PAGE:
A decade ago, it wouldn’t have been possible to create an AR demo for your smartphone in a day or two. What’s more we were able to do this for both iOS and Android using AR for web. We used Google’s open-sourced AR on the Web, available for ARCore (Android) and ARKit (iOS) to create cross-platform AR experience for users who downloaded our custom web browser. Below is a quick overview of the ARKit and ARCore features that we leveraged to build a quick Christmas demo project.
The doors that ARKit and ARCore opened for mobile developers
The above video is Google showing Android users what they could potentially see through their smartphones powered by ARCore in the coming years. While game developers have been able to develop AR experiences for years with the powerful Unreal or Unity game engines, web developers previously did not have similar tools to develop AR experiences for the web. Even mobile developers had to put together libraries or custom-build components to develop an app with AR features for smartphones.
With the launch of Apple’s ARKit and Google’s ARCore in 2017, developers could create more interactive experiences for mobile apps because the frameworks packaged together the essential features for AR that used to come separately:
- motion tracking
- light estimation and
- environmental understanding
— Made With ARKit (@madewithARKit) June 30, 2017
— Google (@Google) August 29, 2017
These kits in short help developers create AR content by tracking information on the environment and positioning 3D objects and animations in the foreground in relation to the real world environment viewed through a smarphone camera.
Both Apple and Google’s AR libraries can integrate easily to game engines and other libraries, but are not yet available for all mobile devices. ARKit can be used with Metal and SceneKit, but only iPad and iPhone models with with Apple A9 processors can support ARKit. The beta version of ARCore is only available on Pixel and Samsung S8 at the time of writing.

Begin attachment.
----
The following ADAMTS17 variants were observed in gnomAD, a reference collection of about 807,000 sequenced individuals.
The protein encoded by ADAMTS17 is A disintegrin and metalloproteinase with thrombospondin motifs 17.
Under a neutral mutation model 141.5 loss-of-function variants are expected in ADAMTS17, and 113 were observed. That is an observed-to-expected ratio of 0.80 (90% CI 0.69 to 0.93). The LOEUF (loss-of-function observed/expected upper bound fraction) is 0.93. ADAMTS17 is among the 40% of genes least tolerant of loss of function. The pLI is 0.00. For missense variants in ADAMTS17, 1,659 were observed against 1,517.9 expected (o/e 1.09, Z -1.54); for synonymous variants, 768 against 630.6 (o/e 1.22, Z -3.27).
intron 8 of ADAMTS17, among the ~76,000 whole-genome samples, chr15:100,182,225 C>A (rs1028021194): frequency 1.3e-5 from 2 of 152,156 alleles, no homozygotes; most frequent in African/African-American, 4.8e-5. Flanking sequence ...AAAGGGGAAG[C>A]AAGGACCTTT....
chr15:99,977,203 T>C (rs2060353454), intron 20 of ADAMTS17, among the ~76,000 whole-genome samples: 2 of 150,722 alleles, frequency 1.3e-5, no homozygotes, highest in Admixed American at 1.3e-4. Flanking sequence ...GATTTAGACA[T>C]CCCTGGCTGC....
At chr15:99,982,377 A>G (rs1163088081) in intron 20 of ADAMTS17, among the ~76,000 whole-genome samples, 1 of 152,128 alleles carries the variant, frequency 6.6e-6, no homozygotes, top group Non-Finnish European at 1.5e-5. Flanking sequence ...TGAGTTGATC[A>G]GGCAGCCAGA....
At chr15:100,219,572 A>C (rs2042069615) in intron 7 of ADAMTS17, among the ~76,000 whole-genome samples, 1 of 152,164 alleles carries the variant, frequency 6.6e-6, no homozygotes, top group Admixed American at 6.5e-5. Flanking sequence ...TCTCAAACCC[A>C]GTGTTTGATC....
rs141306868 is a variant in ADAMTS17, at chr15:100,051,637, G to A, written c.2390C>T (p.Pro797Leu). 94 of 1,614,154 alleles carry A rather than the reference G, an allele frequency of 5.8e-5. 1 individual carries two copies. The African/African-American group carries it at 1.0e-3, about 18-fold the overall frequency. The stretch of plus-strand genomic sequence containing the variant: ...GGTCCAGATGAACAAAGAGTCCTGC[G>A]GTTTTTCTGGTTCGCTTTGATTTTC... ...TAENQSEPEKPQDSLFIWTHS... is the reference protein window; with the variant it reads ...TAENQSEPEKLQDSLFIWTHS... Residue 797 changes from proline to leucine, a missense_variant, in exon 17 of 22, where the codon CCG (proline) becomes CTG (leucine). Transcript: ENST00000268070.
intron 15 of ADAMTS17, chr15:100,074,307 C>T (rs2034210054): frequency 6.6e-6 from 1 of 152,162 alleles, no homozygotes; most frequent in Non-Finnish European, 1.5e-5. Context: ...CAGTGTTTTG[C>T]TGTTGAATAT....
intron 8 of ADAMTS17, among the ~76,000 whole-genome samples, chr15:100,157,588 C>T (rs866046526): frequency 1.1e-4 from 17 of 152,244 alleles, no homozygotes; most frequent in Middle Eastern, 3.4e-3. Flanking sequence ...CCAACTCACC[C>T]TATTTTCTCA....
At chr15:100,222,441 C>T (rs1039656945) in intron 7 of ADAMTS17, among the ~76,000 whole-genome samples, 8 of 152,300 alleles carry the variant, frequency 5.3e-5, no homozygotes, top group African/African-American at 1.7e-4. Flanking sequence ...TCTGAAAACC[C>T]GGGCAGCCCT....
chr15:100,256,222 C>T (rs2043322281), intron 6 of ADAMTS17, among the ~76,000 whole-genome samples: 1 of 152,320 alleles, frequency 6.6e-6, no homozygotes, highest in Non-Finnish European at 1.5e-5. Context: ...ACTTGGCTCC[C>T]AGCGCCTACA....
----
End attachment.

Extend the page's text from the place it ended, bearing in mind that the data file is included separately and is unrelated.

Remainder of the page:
How AR has developed in the past 10 years
As mentioned above, augmented reality depends on 3 main components: a camera to capture information on the environment, motion tracking for objects in the camera view, a set of 3D objects that can interact with the environment in the camera, and a rendered view.
Back in 2007, these 4 components were usually separately, making a full-featured AR application much more technically challenging and required developers to be knowledgeable about all the components. In addition, the hardware couldn’t support an interactive experience. The 1st generation iPhone was just introduced, which means that most people would be using a webcam attached to a desktop, which isn’t easy to move or interactive with.
Fast-forward 10 years, and we’ve arrived at a mobile-first era with a selection of open-source AR-related libraries to choose from. The mobile experience has created the opportunity to film and render. Nowadays, users can interact directly with what the camera sees on their mobile interface and interact with objects by touching the screen, creating a more seamless experience.
However, ARKit and ARCore are native mobile experiences and are not available for the web directly. Developers would have to create an iOS and Android version for demo projects and prototypes. By leveraging WebAR, we can create an AR experience that users of any smartphone can see from a web browser.